Wednesday, 8 July 2009

Nick Harkaway: The Gone-Away World (2008)

Edition: Windmill Books, 2009

The first chapter of The Gone-Away World describes an unusual post-apocalyptic scenario: the Earth has suffered a complete warping of reality, where places disappear and people turn into monsters, except where the mysterious Pipe pumps Stuff into the air to stabilise normality. The next 350 pages of the novel describe how this disaster came about, through the eyes of a faithful sidekick. Although this sounds like a typical science fiction scenario, much of the noel - almost the whole of the first half - is not really of the genre. The lengthy flashback is a gonzo coming of age story of one of the people who witnessed the catastrophe. This is told in a darkly humourous manner, quite brilliantly evocative of an eccentric background, finding space to parody martial arts film clichés.

Harkaway also has a taste for philosophising, and tackles some big themes: the relationship between physics, philosophy and psychology, and the origin of evil (in particular the immorality of groups which commit crimes their members would never consider on their own). This may not be to every reader's taste, but a thoughtful narrator is something I like. Even the theme of the Pipe and the Stuff has something to say, about the way that imagination is related to the real world around us.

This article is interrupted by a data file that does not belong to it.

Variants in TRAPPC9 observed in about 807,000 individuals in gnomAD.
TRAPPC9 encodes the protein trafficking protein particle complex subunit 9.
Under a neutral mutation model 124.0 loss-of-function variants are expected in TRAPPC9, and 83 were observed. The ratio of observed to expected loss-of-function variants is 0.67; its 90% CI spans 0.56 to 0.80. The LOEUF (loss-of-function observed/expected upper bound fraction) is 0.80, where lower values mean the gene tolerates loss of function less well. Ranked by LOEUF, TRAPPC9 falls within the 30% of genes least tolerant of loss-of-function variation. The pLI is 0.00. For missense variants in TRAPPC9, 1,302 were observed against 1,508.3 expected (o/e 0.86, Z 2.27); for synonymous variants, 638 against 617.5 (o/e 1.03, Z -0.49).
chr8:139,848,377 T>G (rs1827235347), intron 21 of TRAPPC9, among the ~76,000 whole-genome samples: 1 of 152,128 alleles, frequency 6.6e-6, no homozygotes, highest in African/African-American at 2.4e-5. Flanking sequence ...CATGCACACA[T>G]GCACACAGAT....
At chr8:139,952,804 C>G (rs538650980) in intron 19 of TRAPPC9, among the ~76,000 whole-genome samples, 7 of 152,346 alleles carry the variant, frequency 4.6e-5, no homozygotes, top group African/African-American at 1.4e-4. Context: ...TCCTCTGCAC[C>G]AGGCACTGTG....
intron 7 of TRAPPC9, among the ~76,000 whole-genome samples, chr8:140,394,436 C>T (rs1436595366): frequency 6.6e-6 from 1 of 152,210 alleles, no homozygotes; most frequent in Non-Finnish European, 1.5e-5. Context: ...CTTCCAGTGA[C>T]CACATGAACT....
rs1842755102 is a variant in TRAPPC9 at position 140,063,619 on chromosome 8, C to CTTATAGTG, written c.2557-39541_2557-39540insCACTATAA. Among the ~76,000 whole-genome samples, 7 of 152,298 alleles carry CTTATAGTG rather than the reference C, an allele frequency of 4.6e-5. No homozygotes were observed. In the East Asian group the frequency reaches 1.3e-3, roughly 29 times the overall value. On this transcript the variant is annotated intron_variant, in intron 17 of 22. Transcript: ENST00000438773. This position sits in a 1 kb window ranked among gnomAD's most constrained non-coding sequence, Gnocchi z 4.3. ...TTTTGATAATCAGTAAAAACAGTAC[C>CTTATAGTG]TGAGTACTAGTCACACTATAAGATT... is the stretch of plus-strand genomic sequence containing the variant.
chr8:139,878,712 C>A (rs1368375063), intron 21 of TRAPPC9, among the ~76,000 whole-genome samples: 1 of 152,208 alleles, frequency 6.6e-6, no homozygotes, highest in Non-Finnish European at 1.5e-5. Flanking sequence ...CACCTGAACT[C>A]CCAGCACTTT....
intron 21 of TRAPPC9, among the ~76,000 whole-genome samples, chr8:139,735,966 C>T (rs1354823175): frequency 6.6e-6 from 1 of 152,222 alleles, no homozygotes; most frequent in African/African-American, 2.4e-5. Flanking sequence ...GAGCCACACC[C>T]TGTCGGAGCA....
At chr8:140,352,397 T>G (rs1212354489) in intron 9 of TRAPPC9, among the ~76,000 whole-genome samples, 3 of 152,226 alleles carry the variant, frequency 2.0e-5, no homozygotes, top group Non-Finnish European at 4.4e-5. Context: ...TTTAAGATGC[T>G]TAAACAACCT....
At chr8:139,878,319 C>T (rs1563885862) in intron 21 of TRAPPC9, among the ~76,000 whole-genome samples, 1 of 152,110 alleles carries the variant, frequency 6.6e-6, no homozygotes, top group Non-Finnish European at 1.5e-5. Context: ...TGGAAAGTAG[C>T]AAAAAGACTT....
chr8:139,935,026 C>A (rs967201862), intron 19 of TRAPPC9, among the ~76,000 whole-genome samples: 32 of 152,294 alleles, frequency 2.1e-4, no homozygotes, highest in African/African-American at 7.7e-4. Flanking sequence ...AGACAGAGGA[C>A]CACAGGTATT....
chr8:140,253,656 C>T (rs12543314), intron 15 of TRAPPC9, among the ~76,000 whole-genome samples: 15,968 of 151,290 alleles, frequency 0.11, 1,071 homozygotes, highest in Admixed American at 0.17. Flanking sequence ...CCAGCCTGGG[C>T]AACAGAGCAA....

The novel also has a pretty good twist, which is only revealed about two thirds of the way through but which works rather like the twist in the film Sixth Sense, in that many readers might well want to go back to the beginning and reread it in view of the revelation. I don't want to give it away here, so I will say no more about it.

One of the issues in modern literature, the subject of a well known book of criticism The Anxiety of Influence, is how a writer relates to the vast quantity of written words that precede his or her work. Nick Harkaway puts it like this, in the acknowledgments at the end of The Gone-Away World: "I have, as is customary, borrowed from (read pillaged) every story I have ever loved to write my own." None of the writers specifically mentioned (Wodehouse, Conan Doyle and Dumas) seemed obvious direct influences to me. But it is certainly true that I was reminded of other writers continually as I read his debut: Joseph Heller, China Miéville, John Barth, Iain Banks, Evelyn Waugh and so on, though in the end I have decided that the book that it is most similar to in tone and content is Thomas Pynchon's Gravity's Rainbow.

The Gone-Away World, borrowed from the library, has gone on my wishlist of books to purchase. I would rate it at 9/10.

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